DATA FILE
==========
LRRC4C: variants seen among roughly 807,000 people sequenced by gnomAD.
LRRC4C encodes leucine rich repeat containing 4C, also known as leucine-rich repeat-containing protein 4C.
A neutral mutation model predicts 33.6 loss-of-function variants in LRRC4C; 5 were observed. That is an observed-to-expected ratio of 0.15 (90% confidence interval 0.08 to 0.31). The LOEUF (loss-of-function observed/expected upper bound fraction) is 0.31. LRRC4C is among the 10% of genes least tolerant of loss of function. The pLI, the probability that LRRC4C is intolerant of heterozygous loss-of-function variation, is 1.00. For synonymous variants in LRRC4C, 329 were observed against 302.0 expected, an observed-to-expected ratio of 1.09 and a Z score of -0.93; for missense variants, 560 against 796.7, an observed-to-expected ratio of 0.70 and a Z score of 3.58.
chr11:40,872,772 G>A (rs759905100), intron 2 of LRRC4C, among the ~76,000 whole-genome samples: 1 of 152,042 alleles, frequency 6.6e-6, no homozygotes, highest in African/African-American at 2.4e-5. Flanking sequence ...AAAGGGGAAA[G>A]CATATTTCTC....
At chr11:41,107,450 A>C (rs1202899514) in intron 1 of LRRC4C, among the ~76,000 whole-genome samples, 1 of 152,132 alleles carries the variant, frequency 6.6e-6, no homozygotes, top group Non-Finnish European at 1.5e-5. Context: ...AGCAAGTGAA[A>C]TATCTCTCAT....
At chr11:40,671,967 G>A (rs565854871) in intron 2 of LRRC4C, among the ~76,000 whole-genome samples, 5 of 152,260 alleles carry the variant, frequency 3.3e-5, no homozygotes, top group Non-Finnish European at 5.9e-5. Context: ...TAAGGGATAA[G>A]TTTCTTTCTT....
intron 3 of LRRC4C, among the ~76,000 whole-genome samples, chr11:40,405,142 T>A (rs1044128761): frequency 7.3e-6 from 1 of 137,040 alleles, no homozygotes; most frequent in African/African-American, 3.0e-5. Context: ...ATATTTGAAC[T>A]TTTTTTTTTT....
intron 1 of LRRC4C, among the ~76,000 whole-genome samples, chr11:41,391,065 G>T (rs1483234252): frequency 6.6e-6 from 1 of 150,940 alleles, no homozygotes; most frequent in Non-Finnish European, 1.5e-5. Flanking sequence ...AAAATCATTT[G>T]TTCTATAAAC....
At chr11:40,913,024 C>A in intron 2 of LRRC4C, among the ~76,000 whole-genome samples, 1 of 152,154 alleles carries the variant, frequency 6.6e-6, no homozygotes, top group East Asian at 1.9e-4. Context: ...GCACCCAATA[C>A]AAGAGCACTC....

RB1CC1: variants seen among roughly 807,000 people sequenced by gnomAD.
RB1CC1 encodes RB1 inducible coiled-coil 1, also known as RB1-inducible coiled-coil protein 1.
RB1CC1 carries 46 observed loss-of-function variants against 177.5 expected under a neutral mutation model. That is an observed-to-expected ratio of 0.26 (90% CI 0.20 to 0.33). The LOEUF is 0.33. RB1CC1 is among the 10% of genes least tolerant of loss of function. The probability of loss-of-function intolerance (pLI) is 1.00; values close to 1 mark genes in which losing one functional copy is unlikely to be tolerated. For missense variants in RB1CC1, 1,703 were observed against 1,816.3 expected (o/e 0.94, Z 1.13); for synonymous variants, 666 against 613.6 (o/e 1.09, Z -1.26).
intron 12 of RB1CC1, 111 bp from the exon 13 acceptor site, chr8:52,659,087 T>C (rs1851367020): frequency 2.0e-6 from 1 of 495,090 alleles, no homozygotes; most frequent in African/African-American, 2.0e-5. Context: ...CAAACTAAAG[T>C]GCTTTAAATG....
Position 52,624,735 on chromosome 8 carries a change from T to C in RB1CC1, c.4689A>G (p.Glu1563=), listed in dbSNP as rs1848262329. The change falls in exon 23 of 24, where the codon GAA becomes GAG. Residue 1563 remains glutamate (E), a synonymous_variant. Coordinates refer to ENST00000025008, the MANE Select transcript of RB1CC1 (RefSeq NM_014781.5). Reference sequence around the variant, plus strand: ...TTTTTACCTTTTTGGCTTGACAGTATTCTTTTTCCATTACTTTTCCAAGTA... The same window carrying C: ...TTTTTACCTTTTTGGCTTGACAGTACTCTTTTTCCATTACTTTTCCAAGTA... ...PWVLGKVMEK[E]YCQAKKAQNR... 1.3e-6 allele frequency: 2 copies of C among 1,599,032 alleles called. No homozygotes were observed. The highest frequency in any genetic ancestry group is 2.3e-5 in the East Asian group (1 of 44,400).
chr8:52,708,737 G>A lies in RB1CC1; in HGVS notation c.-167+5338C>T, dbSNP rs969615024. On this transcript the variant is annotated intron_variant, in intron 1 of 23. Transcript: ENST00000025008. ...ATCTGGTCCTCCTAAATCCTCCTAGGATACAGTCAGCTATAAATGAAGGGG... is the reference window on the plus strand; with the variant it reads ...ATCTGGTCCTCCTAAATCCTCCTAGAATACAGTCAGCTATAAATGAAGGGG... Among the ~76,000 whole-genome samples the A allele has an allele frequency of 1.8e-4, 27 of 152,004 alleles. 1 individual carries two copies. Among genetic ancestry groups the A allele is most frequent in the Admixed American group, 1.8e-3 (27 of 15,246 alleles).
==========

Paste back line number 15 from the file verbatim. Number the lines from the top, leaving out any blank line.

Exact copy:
chr8:52,708,737 G>A lies in RB1CC1; in HGVS notation c.-167+5338C>T, dbSNP rs969615024. On this transcript the variant is annotated intron_variant, in intron 1 of 23. Transcript: ENST00000025008. ...ATCTGGTCCTCCTAAATCCTCCTAGGATACAGTCAGCTATAAATGAAGGGG... is the reference window on the plus strand; with the variant it reads ...ATCTGGTCCTCCTAAATCCTCCTAGAATACAGTCAGCTATAAATGAAGGGG... Among the ~76,000 whole-genome samples the A allele has an allele frequency of 1.8e-4, 27 of 152,004 alleles. 1 individual carries two copies. Among genetic ancestry groups the A allele is most frequent in the Admixed American group, 1.8e-3 (27 of 15,246 alleles).